Peter Brack, Associate Director – Education, Allied Health and Interprofessional Programs, is a self-confessed introvert. As he admits it is, “a bit weird given a central theme of my career has been ‘collaboration’.”
With a background in occupational therapy, Pete’s interest in Interprofessional Education (IPE) started over ten years ago when he was involved in two projects related to Interprofessional Education.
One of those projects called the Interprofessional Practice Placement, was the first interprofessional training ward set-up in Australia, and was focused on interprofessional teams of students, working to provide care to patients on sub-acute wards at Northern Health.
Pete says, “These projects delivered some great outcomes and really highlighted for me how much I enjoyed working in education.”
As someone who played team sport all his life, Pete says he was a bit surprised by the way the word ‘team’ was thrown around in healthcare without all of the core elements that he valued so much throughout his sporting life.
“Things like having a clearly defined common goal, mutual respect, a knowledge of each other’s strengths, and the camaraderie you get from knowing the people around you,” says Pete.
He believes “Interprofessional Education – which is when we learn with from and about one another – is the methodology we should use to create great teams.”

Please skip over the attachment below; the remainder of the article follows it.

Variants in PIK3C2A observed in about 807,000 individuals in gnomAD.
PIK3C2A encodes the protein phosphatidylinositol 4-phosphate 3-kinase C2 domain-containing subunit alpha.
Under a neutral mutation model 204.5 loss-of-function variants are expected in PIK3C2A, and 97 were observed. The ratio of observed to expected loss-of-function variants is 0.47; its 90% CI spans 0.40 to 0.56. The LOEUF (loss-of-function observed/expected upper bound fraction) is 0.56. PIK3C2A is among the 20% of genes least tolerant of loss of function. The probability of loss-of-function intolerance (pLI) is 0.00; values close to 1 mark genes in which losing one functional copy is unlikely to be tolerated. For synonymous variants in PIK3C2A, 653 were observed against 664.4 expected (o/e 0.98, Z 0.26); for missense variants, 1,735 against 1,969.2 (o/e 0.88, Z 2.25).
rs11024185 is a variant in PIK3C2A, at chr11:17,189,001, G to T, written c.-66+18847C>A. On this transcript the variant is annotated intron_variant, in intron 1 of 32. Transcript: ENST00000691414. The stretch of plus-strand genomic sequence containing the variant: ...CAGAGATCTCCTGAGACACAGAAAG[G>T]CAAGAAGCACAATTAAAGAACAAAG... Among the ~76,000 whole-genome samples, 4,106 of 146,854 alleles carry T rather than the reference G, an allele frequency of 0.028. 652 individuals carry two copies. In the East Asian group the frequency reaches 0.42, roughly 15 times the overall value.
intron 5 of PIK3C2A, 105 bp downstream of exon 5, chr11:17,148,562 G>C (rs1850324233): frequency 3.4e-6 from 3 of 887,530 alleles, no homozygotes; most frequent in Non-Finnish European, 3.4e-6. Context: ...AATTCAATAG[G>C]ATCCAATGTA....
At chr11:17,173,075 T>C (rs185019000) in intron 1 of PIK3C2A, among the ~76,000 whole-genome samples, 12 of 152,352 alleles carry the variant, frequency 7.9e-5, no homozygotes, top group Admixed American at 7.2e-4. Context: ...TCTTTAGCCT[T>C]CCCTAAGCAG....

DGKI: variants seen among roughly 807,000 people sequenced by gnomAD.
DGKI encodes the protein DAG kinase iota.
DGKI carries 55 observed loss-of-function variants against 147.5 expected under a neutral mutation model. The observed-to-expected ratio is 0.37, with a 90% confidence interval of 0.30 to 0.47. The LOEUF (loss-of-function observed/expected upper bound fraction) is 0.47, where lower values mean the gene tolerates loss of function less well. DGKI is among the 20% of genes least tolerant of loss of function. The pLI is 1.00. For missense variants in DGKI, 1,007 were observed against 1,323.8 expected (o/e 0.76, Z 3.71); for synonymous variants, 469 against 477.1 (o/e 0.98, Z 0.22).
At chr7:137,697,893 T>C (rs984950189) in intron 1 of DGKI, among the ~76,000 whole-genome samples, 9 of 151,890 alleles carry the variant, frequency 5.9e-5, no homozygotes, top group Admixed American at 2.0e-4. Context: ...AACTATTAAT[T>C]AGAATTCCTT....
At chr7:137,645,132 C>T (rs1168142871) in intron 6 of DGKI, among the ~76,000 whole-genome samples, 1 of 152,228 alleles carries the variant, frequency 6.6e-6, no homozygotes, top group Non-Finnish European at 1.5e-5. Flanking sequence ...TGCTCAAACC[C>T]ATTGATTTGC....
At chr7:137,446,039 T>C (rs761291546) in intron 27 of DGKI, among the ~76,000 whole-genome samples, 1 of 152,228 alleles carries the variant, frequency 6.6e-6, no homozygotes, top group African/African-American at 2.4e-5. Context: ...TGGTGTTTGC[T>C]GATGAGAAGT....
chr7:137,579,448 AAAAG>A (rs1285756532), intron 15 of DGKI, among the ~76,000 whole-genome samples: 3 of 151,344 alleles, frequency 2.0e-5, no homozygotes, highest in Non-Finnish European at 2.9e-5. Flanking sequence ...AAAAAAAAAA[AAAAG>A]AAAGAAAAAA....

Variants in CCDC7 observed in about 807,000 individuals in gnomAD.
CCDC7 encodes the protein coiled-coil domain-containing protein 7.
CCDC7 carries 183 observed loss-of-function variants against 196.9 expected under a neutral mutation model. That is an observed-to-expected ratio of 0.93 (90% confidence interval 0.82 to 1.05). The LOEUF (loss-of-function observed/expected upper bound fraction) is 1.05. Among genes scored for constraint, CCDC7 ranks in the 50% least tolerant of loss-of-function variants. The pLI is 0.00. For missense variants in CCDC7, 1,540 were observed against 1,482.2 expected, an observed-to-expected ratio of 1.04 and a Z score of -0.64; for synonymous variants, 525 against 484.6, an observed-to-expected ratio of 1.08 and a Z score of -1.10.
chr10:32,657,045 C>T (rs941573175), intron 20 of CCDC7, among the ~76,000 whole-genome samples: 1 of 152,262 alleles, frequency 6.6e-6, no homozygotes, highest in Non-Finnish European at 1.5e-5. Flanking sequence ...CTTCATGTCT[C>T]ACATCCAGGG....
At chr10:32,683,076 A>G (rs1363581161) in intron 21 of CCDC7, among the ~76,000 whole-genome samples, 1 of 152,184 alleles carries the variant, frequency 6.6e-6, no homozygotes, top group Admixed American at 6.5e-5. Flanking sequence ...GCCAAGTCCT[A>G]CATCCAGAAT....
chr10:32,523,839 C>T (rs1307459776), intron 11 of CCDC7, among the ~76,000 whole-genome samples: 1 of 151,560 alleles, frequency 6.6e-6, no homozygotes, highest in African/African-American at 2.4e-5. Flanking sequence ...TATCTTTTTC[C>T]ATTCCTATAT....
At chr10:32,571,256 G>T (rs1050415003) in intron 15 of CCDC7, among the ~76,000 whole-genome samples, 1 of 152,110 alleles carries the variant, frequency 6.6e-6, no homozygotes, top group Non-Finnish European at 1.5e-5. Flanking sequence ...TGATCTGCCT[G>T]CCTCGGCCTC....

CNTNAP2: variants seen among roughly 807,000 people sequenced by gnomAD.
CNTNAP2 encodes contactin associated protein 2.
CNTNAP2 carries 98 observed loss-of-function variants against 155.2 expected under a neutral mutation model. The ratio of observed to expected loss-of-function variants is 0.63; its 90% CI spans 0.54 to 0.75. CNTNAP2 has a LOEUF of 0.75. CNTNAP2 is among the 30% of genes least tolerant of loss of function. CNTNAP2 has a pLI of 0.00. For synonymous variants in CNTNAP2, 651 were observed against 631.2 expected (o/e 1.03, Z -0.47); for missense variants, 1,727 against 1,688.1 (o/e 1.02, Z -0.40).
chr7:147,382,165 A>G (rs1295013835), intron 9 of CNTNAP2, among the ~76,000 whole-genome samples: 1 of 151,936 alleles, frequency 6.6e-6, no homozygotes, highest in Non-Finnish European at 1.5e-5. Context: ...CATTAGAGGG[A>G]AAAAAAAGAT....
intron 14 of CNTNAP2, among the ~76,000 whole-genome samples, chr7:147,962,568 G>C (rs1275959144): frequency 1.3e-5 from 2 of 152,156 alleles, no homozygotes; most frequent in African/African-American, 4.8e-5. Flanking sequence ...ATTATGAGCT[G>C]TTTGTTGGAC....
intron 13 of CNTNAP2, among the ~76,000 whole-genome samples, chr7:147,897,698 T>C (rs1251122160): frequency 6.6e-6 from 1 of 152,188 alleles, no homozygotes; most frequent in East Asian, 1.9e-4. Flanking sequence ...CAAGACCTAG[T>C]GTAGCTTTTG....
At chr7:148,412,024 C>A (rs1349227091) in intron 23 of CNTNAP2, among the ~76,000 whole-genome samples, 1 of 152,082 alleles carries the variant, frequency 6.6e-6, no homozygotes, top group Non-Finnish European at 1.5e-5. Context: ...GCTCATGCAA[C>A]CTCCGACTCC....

He says, “Working collaboratively has so many benefits in terms of patient safety, quality of care and efficiency, but it has also been shown to improve morale, reduce turnover and increase job satisfaction which makes it a no-brainer for me.”
During his time as Allied Health Clinical School Coordinator, Pete was able to follow his interest in IPE to publish his first journal article and complete some research on a new resource he created with his education colleagues, called the Interprofessional Passport.
Pete and his team are working towards relaunching a more digitally enabled version of the Interprofessional Passport, based on over ten years of experience of running interprofessional programs.
The Interprofessional Passport will facilitate interprofessional learning opportunities for students and new graduate clinicians to improve client and patient outcomes via collaborative practice.
The Interprofessional Passport is described as a ‘framework that will help you start to look beyond what is familiar, it will make you reflect on what is happening around you. It will help you understand your own role better in the context of a team and we hope it will help us move further towards our goal of high functioning interprofessional teams.’
The passport has been designed to facilitate interprofessional learning within a clinical context based on learner identified needs. The learner, in consultation with their supervisors, will tailor a program suitable to the learner’s needs. It is hoped that this resource may be incorporated into orientation programs for staff in the future.
The over- arching learning outcomes for the user will be the ability to articulate a deeper understanding and appreciation for one’s own professional role and to share profession-specific knowledge with all members of the interprofessional team to enhance team collaboration.
Continuing with his sport analogy, Pete says, “Great teams train together – a lot of what happens in healthcare would be like a basketball team training, by all separately shooting at different baskets.”
“I believe if we can find opportunities to train together, it will have a positive impact on the way our teams function and in turn the care we provide to our patients.”